OSHA fined Thomas Industrial Coatings and issued the company three citations. The citations are related to the death of Jimmy Belfield, 39, who fell into the Mississippi River while trying to rescue three co-workers. Those co-workers were later rescued; they had fallen after a flooring gave way while they painted the span.

OSHA says the company could face more citations and fines connected to two other fatal bridge falls in Kansas City.

Entergy Arkansas in Harrison Achieves OSHA "Star" for Workplace Safety and Health


Entergy Arkansas, Harrison Service Center, in Harrison, Ark., has earned membership in the OSHA’s "Star" Voluntary Protection Program (VPP).

"The company has maintained an injury and illness rate that is 45 percent below the national average for its industry, demonstrating excellence in effective safety and health management," said OSHA Regional Administrator Frank Strasheim in Dallas. "Entergy's outstanding effort exemplifies the value of working with OSHA to prevent workplace injuries and illnesses."

Entergy Arkansas, Harrison Service Center, owned by Entergy Corp., installs, repairs and maintains electrical-distribution services. The Harrison facility employs about 32 workers. The corporate headquarters is in Little Rock, Ark.

The VPP recognizes and promotes effective workplace safety and health management. About 1,400 workplaces throughout the U.S., representing 280 industries, have earned OSHA's highest recognition as participants in the program. Participants typically achieve injury and illness rates lower than average rates for their respective industry.

OSHA Certifies the New York State Plan for Public Employees


OSHA announced that it will approve plan amendments and certify the state of New York's occupational safety and health plan for its public employees. This certification reflects OSHA's determination that all developmental commitments have been met and that the state's plan is structurally complete.

"This is a major milestone for the state of New York in the development of its occupational safety and health program," said Edwin G. Foulke Jr., assistant secretary of labor for OSHA. "We congratulate them on this accomplishment and for their ongoing commitment to the safety and health of their public employees."

OSHA's certification indicates that the state plan contains all the necessary structural elements (standards, statutory and regulatory authorities, and procedures) to operate a program for its public employees which is "at least as effective" as the federal program. Absent a state plan, state and local government employees are not covered by the Occupational Safety and Health Act.

New York's state plan is administered by the New York Department of Labor, Division of Occupational Safety and Health, Public Employee Safety and Health (PESH) program and covers nearly 1.3 million state and local government employees.

OSHA encourages states to develop and operate their own safety and health programs. While most state plans cover both private sector and public sector employees, New York is one of four jurisdictions that cover only public sector employees; the others are Connecticut, New Jersey and the Virgin Islands. Private sector enforcement authority in the state of New York remains the responsibility of federal OSHA.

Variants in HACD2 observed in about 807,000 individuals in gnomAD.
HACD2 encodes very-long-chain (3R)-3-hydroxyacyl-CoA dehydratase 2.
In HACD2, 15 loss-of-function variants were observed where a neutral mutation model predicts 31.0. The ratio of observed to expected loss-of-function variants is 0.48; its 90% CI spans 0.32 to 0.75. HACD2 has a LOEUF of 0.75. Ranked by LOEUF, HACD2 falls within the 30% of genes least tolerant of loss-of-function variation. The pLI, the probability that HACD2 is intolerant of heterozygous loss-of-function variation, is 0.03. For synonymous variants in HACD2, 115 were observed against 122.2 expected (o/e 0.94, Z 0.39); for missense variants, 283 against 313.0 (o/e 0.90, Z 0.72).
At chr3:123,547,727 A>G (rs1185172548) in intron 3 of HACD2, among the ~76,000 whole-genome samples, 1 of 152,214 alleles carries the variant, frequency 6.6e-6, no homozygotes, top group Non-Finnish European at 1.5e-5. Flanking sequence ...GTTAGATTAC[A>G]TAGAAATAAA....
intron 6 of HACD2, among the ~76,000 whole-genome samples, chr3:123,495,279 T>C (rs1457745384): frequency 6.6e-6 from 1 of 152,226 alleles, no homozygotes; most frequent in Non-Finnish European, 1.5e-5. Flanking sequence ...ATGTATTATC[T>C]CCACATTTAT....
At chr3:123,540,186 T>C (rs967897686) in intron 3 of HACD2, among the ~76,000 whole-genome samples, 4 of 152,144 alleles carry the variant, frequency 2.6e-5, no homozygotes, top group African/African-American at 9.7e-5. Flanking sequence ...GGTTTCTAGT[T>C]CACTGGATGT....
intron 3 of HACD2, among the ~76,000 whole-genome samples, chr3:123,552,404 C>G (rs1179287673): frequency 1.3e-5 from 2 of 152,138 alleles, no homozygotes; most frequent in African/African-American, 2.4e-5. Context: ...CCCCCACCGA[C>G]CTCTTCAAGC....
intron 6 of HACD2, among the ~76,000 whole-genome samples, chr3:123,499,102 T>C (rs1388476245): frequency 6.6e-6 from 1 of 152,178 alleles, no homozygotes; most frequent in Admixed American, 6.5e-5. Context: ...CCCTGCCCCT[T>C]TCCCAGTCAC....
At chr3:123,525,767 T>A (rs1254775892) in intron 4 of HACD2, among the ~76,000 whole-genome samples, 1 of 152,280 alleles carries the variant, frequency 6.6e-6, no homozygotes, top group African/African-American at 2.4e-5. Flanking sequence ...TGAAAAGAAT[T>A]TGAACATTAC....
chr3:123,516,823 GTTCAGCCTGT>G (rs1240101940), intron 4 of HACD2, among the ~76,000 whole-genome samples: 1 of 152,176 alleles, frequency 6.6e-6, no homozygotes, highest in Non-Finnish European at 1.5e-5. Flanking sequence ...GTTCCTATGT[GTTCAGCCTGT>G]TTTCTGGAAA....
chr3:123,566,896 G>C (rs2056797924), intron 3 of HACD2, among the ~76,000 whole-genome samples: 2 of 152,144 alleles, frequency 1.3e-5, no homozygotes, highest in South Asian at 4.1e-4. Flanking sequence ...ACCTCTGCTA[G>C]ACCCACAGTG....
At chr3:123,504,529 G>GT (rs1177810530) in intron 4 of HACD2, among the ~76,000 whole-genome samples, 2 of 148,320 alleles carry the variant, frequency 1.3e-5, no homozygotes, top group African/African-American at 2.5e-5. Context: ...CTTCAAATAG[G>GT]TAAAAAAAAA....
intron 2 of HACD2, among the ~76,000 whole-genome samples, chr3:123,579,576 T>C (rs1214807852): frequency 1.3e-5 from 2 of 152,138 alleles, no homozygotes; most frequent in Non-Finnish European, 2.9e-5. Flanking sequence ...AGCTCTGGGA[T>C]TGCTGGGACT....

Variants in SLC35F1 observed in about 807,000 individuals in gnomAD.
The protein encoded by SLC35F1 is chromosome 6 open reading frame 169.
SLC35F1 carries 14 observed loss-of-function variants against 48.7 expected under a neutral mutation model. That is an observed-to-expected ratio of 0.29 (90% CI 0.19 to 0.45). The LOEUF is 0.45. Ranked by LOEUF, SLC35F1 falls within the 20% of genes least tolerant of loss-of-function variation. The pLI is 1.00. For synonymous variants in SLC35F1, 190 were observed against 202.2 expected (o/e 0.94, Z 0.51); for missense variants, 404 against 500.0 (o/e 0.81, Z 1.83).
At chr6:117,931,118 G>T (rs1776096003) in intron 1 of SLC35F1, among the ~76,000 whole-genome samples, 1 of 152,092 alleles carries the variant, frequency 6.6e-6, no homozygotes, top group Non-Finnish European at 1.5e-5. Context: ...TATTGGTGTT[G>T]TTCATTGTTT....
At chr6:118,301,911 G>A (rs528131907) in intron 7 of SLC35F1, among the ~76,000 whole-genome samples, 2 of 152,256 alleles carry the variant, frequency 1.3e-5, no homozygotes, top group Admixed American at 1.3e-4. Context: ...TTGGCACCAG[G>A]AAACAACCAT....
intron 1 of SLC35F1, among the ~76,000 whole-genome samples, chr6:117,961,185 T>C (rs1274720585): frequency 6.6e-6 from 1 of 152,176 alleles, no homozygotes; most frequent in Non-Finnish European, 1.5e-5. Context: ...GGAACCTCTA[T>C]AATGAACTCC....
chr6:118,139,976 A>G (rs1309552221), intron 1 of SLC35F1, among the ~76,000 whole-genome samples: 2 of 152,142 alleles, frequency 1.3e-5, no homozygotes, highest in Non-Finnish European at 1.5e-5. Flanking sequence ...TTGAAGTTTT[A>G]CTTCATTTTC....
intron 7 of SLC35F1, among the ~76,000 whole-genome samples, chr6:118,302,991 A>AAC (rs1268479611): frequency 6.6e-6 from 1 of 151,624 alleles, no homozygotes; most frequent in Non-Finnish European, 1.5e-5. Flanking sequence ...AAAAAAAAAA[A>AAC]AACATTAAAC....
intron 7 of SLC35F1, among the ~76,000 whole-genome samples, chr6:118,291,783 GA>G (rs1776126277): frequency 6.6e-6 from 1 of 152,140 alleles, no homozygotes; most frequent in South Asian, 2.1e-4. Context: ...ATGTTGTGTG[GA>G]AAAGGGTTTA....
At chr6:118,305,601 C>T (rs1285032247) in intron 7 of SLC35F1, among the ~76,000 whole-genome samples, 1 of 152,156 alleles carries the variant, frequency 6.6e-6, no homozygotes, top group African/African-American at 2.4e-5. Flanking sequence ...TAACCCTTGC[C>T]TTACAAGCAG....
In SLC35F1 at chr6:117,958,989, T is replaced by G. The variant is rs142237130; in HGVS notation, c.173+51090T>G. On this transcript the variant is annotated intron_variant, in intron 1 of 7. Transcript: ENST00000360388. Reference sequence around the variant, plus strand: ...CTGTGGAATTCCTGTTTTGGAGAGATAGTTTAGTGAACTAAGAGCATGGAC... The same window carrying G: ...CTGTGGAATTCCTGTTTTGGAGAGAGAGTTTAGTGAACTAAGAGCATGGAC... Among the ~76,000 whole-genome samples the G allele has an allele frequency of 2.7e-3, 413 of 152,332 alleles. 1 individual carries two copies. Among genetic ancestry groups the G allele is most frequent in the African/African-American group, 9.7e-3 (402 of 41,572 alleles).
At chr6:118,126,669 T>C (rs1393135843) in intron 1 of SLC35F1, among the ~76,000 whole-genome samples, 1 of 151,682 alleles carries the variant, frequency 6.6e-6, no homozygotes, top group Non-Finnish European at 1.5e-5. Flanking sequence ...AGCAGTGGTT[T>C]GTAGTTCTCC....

Chemical Safety Board Commends Kentucky Office of Housing, Buildings, and Construction following Investigation of Fatal 2003 Explosion


The U.S. Chemical Safety Board (CSB) formally commended the Kentucky Office of Housing, Buildings, and Construction (HBC) for exceeding the recommended action from the board's investigation of the fatal 2003 dust explosion at CTA Acoustics in Corbin, Kentucky.

During the investigation, the CSB found that the Kentucky state fire marshal's office, which is part of the HBC, did not regularly inspect industrial facilities for fire safety and had not inspected the CTA facility since it was constructed in 1972. On February 15, 2005, the board voted at a public meeting in London, Kentucky, to recommend that the HBC “identify sites that handle combustible dusts when facilities apply for new or modified construction permits, and use this information to help prioritize establishments that will be inspected by the fire marshal.”

The HBC fulfilled the recommendation by modifying its building code review process to identify all new or modified facilities that can generate large quantities of combustible dust and adding those facilities to the state fire marshal's annual inspection list.

The HBC also went above and beyond the CSB safety recommendation by:

  1. Generating a list of existing facilities at risk for combustible dust explosions
  2. Successfully seeking additional funding from the Kentucky state legislature to hire more inspectors
  3. Prioritizing its 2006 inspection schedule to concentrate on facilities with combustible dust hazards
  4. Actively working with inspected facilities to generate cleaning plans

On the basis of these additional actions, which will reduce future dust explosion risks, the board voted to designate the recommendation as “closed - exceeds recommended action.”

The explosion on February 20, 2003, at CTA Acoustics killed seven workers, injured 37 others, and essentially destroyed the facility which produced automotive insulation. The board's investigation found that the facility lacked effective firewalls and blast-resistant construction designs and had extensive accumulations of combustible phenolic resin powder, which fueled the explosion.

The incident was one of three fatal combustible dust explosions that occurred in 2003 and were investigated by the CSB. In 2004, the board began a national study of combustible dust hazards, which has so far identified 281 industrial dust explosions in the U.S. over a 25-year period; those incidents resulted in a total of 119 deaths and 718 injuries.

CSB Chairman Carolyn W. Merritt said, “The Kentucky state government has demonstrated a strong commitment to making industrial facilities safer from deadly dust explosions. The new program is helping to identify workplaces at risk and promote changes. The Kentucky program is a model for other states to study and follow. Kentucky's actions will help prevent future tragedies like the one that claimed seven workers' lives in 2003.”

The board votes to assign a status to each of its safety recommendations based on a staff analysis of documents and other information provided by recipients. The board may designate a recipient's actions as 'acceptable' or 'unacceptable' based on whether the actions meet the intention of the board's safety recommendation. The 'exceeds recommended action' designation has been used only six times among the 178 formal safety recommendations that the board has voted to close since 1998.